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A few thoughts on this:

1. I have done transactional work and litigation in and about these areas for nearly 30 years in Silicon Valley. Based on that experience, in practical terms, the risk you deal with in doing side work boils down to this: it is rare that an employer will make a claim to IP you develop on your own time and using your own resources but, when it does happen, its effect is pretty horrific.

2. California gives you more scope only because it has a law on the books that generally prohibits employers, on public policy grounds, from making claims to IP generated by employees working on their own time and using their own resources.

3. Even in California, however, an employee owes duties to his employer and one of those is that you don't misappropriate your employer's IP for your own use. This is why the California law says that you don't keep your side-project IP for yourself if it is in your employer's line of business or anticipated line of business. You can imagine the chaos that would result if any employee could state that, "no, that valuable IP that I came up with might have directly concerned what my employer was paying me to develop, but, in fact, I developed that particular key piece on my own time, etc."

4. In this sense, there is a common sense element to this area of law as applied in California. You typically will sense, without being told, whether the work you are doing on the side is capitalizing on the things your employer is doing or if it is truly unrelated.

5. That said, don't mess around with this sort of thing. It is both contract-specific and local-law-specific. That means general statements you hear from time to time (including those I just made) may or may not apply to you. If what you are planning to do has commercial value, then make sure to get it checked by a good local lawyer who can guide you through the pitfalls and explain alternatives. This is particularly so if you are not in California.




"If what you are planning to do has commercial value, then make sure to get it checked by a good local lawyer who can guide you through the pitfalls and explain alternatives."

Is being no-longer-employed by your employer an absolute defense, assuming that you can prove that any IP in question was created after the end of your employment?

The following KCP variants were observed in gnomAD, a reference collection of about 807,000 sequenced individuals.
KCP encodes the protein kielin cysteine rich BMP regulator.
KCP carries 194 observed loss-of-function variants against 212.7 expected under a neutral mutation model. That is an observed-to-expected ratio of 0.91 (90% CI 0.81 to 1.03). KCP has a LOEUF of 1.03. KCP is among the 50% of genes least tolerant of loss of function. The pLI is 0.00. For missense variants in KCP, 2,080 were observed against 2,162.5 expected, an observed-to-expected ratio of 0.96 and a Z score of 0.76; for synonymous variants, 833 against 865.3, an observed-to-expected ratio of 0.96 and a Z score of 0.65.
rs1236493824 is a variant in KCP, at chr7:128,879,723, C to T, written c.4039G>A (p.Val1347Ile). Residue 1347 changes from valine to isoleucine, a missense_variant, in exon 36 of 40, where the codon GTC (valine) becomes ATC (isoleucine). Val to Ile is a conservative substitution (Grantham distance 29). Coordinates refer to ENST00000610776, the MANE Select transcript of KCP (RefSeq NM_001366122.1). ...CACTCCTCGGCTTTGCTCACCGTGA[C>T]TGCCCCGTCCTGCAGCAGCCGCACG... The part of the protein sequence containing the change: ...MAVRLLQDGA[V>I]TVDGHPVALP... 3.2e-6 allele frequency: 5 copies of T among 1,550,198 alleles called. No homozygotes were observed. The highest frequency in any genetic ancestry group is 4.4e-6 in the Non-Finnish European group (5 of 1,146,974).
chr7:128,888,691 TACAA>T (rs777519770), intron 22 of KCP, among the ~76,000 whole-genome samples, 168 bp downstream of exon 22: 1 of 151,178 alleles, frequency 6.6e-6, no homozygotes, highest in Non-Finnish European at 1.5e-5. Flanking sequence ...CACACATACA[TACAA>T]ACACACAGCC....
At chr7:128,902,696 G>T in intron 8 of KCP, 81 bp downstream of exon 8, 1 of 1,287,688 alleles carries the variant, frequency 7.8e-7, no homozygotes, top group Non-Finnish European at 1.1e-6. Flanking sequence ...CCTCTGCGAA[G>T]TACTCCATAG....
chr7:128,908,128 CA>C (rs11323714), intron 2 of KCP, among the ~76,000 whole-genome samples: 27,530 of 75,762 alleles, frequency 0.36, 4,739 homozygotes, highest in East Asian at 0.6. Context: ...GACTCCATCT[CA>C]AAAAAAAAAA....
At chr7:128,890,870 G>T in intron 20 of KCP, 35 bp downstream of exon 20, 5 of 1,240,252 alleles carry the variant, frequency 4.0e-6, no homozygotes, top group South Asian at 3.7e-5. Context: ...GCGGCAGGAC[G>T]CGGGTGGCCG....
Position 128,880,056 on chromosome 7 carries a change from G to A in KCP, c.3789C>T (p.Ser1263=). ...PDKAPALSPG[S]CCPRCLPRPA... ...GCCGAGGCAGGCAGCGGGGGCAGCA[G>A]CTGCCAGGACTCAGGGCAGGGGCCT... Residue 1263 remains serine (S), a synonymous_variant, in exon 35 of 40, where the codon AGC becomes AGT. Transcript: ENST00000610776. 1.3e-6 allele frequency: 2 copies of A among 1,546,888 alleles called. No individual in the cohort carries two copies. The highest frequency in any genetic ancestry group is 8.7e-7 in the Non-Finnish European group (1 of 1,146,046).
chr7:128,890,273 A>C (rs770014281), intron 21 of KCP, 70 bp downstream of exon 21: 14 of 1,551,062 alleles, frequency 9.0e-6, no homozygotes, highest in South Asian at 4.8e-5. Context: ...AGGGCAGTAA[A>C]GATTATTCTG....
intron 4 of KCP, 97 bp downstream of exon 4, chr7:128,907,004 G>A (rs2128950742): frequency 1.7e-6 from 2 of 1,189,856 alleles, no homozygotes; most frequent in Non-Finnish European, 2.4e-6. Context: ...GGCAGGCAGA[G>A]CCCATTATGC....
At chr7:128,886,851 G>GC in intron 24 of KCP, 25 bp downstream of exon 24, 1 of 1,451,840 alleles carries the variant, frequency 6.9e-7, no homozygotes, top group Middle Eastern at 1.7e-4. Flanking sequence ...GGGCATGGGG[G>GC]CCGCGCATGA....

I'm thinking of the case where an employee does something that's either not of commercial value or lets it revert to his employer's ownership, but then quits and founds a startup (with an entirely new codebase) afterwards.

For example, Marc Andreesen writes a web browser under the terms of his employment with UIUC. He then drops out, moves to Silicon Valley, and founds a company with Jim Clark, presumably with a from-scratch codebase. They get sued for trademark infringement because they name it Mosaic Communications Corp, but UIUC has no legal claim to any of their source code or inventions developed after the end of Andreesen's employment, right, even though he gained quite a lot of experience working on web browsers there?

Or Larry and Sergey start Backrub at Stanford. It becomes Google before they leave Stanford grad school. Stanford obviously owns the PageRank patent because it was developed while they were still students, and they licensed it for a good chunk of shares. However, would Stanford own the original Google logo, forcing Google to redo it when they incorporated as a separate company? How about code - presumably Google licensed the codebase from Stanford, but if they hadn't and had started fresh instead, would Stanford have any claims on the grounds that Larry and Sergey had built an essentially identical product under their employment?


An employer can easily find grounds to chase you for your strictly post-employment work if it can argue that such work misappropriates its proprietary rights (usually but not necessarily trade secret), whether or not the work you originally did for the employer had commercial value at the time you first did it. Starting with a from-scratch codebase may or may not offer you a shield but likely not - this is because the concept of "trade secrets" is much broader than the code itself and a former employer can (normally) easily argue that you are gaining an unfair competitive advantage from your superior knowledge of the confidential information relating to its proprietary product and that you would be misusing such knowledge (which, by law, belongs to the employer exclusively) in using it to do an allegedly independent implementation. The employer might find it hard to win such a case but this would not stop them from making your life hell for several years as you try to defend yourself from such an assault.

Short answer: there is no absolute defense in the fact of your no longer being employed when you do the allegedly offending activity.

BTW, I don't know enough about the Andreessen or Google examples to comment intelligently on the specifics there.


(sidenote) http://www.grellas.com/acquisitions.html "We are sophisticated enough to help buyers and sellers in such deals valued at many millions of dollars and flexible ENOUGHT to provide cost-effective help for small business deals as well."

The copy on your site needs correcting.


> You can imagine the chaos that would result if any employee could state that, "no, that valuable IP that I came up with might have directly concerned what my employer was paying me to develop, but, in fact, I developed that particular key piece on my own time, etc."

The company has an even bigger fear: the employee will see where the market is heading, or where the company is heading, get there first in their spare time, and spin out a competitor. Or get a patent.

Owning spare-time IP that's related to the business seems reasonable to me. Of course, that assumes a good defintion of "related"...




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